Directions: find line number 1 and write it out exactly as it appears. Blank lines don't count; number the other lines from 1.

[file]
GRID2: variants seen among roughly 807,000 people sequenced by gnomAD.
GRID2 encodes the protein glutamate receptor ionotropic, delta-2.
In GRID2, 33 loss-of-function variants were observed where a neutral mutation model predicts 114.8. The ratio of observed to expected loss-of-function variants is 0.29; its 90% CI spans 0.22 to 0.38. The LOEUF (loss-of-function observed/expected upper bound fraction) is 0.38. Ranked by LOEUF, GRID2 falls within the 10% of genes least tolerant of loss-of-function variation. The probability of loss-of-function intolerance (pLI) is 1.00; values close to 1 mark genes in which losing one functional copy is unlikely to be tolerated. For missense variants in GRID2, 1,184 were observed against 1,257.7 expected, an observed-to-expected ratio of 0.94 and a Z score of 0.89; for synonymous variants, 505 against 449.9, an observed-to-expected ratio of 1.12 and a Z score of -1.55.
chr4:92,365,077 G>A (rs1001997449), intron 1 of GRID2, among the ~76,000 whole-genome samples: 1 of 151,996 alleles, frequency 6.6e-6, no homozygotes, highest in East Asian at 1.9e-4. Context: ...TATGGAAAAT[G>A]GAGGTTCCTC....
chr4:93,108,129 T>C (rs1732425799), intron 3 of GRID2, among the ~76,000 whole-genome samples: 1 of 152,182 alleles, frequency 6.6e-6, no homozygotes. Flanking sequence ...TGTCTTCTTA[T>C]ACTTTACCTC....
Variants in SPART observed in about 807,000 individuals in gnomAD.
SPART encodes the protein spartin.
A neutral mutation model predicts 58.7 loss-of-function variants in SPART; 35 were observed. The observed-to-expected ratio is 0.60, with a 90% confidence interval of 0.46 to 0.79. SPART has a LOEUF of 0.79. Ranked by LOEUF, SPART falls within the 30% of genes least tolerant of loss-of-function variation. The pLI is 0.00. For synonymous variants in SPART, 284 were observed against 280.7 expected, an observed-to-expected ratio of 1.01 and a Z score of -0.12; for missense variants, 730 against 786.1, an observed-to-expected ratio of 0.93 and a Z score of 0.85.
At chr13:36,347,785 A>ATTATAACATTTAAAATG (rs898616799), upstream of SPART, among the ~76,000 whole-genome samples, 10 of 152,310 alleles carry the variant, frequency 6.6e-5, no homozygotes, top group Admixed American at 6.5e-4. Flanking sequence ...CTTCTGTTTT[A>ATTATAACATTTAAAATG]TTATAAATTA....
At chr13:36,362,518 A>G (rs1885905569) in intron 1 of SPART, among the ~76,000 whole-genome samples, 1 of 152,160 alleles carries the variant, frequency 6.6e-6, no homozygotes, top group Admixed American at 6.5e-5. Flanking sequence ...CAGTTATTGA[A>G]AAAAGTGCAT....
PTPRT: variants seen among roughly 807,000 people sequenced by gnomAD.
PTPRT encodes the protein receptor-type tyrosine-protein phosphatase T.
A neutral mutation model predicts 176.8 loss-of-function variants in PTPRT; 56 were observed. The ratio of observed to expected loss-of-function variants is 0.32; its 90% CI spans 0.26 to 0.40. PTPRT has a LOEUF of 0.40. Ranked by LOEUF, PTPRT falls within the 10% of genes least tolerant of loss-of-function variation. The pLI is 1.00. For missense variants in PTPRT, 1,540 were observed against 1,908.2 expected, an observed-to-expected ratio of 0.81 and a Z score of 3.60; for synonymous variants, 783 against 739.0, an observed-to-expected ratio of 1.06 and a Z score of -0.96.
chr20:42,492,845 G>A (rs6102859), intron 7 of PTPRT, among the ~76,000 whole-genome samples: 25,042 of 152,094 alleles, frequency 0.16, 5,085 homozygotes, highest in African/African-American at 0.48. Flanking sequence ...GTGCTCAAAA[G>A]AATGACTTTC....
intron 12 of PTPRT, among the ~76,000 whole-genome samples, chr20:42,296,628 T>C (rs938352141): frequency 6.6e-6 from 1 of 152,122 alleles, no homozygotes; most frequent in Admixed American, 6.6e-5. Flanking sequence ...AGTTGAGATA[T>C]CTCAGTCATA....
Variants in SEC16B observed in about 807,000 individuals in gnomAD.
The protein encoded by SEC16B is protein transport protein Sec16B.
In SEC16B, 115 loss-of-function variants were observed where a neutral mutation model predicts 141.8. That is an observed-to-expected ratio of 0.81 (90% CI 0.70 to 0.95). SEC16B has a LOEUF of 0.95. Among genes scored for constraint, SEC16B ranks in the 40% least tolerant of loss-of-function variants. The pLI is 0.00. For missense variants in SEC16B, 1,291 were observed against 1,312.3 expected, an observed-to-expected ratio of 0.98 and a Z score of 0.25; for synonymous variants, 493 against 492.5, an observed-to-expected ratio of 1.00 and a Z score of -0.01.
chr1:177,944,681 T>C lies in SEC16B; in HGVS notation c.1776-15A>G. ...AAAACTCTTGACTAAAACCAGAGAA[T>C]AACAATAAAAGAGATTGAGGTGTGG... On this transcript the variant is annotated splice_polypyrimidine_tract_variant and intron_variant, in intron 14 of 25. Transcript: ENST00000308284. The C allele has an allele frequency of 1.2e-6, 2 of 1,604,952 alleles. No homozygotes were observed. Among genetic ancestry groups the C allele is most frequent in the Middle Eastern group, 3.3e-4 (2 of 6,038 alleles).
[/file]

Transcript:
GRID2: variants seen among roughly 807,000 people sequenced by gnomAD.